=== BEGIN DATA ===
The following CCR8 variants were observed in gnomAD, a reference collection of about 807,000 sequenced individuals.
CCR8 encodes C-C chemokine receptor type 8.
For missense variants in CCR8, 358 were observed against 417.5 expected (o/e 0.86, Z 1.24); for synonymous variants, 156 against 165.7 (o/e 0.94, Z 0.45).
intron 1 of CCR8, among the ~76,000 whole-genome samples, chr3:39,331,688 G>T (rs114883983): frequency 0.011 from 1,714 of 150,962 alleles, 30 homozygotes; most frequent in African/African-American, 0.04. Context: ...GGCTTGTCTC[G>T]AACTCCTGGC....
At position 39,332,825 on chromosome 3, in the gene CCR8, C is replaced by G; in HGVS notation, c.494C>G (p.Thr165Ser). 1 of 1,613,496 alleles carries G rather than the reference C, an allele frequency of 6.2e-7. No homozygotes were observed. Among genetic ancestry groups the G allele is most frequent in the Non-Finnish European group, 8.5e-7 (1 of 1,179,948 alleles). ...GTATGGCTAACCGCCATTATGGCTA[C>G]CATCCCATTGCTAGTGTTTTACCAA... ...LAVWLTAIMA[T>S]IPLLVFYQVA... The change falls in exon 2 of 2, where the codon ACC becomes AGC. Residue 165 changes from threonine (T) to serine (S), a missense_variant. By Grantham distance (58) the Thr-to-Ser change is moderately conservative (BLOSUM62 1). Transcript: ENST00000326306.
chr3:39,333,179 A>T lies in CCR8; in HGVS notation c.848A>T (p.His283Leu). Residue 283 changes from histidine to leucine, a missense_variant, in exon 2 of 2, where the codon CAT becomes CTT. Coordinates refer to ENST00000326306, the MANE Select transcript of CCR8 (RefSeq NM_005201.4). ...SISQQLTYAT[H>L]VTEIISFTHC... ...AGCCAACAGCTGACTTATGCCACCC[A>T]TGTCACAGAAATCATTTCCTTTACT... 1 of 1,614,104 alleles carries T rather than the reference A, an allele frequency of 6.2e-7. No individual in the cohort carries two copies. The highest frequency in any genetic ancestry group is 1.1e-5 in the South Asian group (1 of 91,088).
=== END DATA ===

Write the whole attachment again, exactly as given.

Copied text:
The following CCR8 variants were observed in gnomAD, a reference collection of about 807,000 sequenced individuals.
CCR8 encodes C-C chemokine receptor type 8.
For missense variants in CCR8, 358 were observed against 417.5 expected (o/e 0.86, Z 1.24); for synonymous variants, 156 against 165.7 (o/e 0.94, Z 0.45).
intron 1 of CCR8, among the ~76,000 whole-genome samples, chr3:39,331,688 G>T (rs114883983): frequency 0.011 from 1,714 of 150,962 alleles, 30 homozygotes; most frequent in African/African-American, 0.04. Context: ...GGCTTGTCTC[G>T]AACTCCTGGC....
At position 39,332,825 on chromosome 3, in the gene CCR8, C is replaced by G; in HGVS notation, c.494C>G (p.Thr165Ser). 1 of 1,613,496 alleles carries G rather than the reference C, an allele frequency of 6.2e-7. No homozygotes were observed. Among genetic ancestry groups the G allele is most frequent in the Non-Finnish European group, 8.5e-7 (1 of 1,179,948 alleles). ...GTATGGCTAACCGCCATTATGGCTA[C>G]CATCCCATTGCTAGTGTTTTACCAA... ...LAVWLTAIMA[T>S]IPLLVFYQVA... The change falls in exon 2 of 2, where the codon ACC becomes AGC. Residue 165 changes from threonine (T) to serine (S), a missense_variant. By Grantham distance (58) the Thr-to-Ser change is moderately conservative (BLOSUM62 1). Transcript: ENST00000326306.
chr3:39,333,179 A>T lies in CCR8; in HGVS notation c.848A>T (p.His283Leu). Residue 283 changes from histidine to leucine, a missense_variant, in exon 2 of 2, where the codon CAT becomes CTT. Coordinates refer to ENST00000326306, the MANE Select transcript of CCR8 (RefSeq NM_005201.4). ...SISQQLTYAT[H>L]VTEIISFTHC... ...AGCCAACAGCTGACTTATGCCACCC[A>T]TGTCACAGAAATCATTTCCTTTACT... 1 of 1,614,104 alleles carries T rather than the reference A, an allele frequency of 6.2e-7. No individual in the cohort carries two copies. The highest frequency in any genetic ancestry group is 1.1e-5 in the South Asian group (1 of 91,088).